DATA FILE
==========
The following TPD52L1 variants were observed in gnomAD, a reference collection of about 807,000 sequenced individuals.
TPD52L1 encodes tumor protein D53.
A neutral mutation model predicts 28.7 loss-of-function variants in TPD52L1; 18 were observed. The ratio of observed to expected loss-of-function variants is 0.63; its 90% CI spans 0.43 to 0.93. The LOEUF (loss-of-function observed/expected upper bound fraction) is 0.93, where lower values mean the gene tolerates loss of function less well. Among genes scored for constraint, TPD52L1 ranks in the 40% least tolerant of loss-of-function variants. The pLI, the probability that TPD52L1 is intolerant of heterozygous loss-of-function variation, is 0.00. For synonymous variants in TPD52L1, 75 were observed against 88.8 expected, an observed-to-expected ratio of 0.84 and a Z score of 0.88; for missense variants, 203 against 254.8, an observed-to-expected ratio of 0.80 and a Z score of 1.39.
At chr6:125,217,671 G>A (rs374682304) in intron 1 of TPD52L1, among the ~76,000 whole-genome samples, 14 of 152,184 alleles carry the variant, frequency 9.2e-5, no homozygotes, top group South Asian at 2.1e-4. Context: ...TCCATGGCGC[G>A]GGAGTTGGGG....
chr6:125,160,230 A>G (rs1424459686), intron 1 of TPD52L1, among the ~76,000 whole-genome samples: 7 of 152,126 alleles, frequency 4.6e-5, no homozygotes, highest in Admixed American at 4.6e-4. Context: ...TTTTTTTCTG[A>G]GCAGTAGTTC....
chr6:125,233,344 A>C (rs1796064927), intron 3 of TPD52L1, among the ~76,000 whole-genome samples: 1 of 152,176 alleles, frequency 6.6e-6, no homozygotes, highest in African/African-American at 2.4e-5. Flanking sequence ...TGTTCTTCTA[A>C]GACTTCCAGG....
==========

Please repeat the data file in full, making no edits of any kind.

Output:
The following TPD52L1 variants were observed in gnomAD, a reference collection of about 807,000 sequenced individuals.
TPD52L1 encodes tumor protein D53.
A neutral mutation model predicts 28.7 loss-of-function variants in TPD52L1; 18 were observed. The ratio of observed to expected loss-of-function variants is 0.63; its 90% CI spans 0.43 to 0.93. The LOEUF (loss-of-function observed/expected upper bound fraction) is 0.93, where lower values mean the gene tolerates loss of function less well. Among genes scored for constraint, TPD52L1 ranks in the 40% least tolerant of loss-of-function variants. The pLI, the probability that TPD52L1 is intolerant of heterozygous loss-of-function variation, is 0.00. For synonymous variants in TPD52L1, 75 were observed against 88.8 expected, an observed-to-expected ratio of 0.84 and a Z score of 0.88; for missense variants, 203 against 254.8, an observed-to-expected ratio of 0.80 and a Z score of 1.39.
At chr6:125,217,671 G>A (rs374682304) in intron 1 of TPD52L1, among the ~76,000 whole-genome samples, 14 of 152,184 alleles carry the variant, frequency 9.2e-5, no homozygotes, top group South Asian at 2.1e-4. Context: ...TCCATGGCGC[G>A]GGAGTTGGGG....
chr6:125,160,230 A>G (rs1424459686), intron 1 of TPD52L1, among the ~76,000 whole-genome samples: 7 of 152,126 alleles, frequency 4.6e-5, no homozygotes, highest in Admixed American at 4.6e-4. Context: ...TTTTTTTCTG[A>G]GCAGTAGTTC....
chr6:125,233,344 A>C (rs1796064927), intron 3 of TPD52L1, among the ~76,000 whole-genome samples: 1 of 152,176 alleles, frequency 6.6e-6, no homozygotes, highest in African/African-American at 2.4e-5. Flanking sequence ...TGTTCTTCTA[A>C]GACTTCCAGG....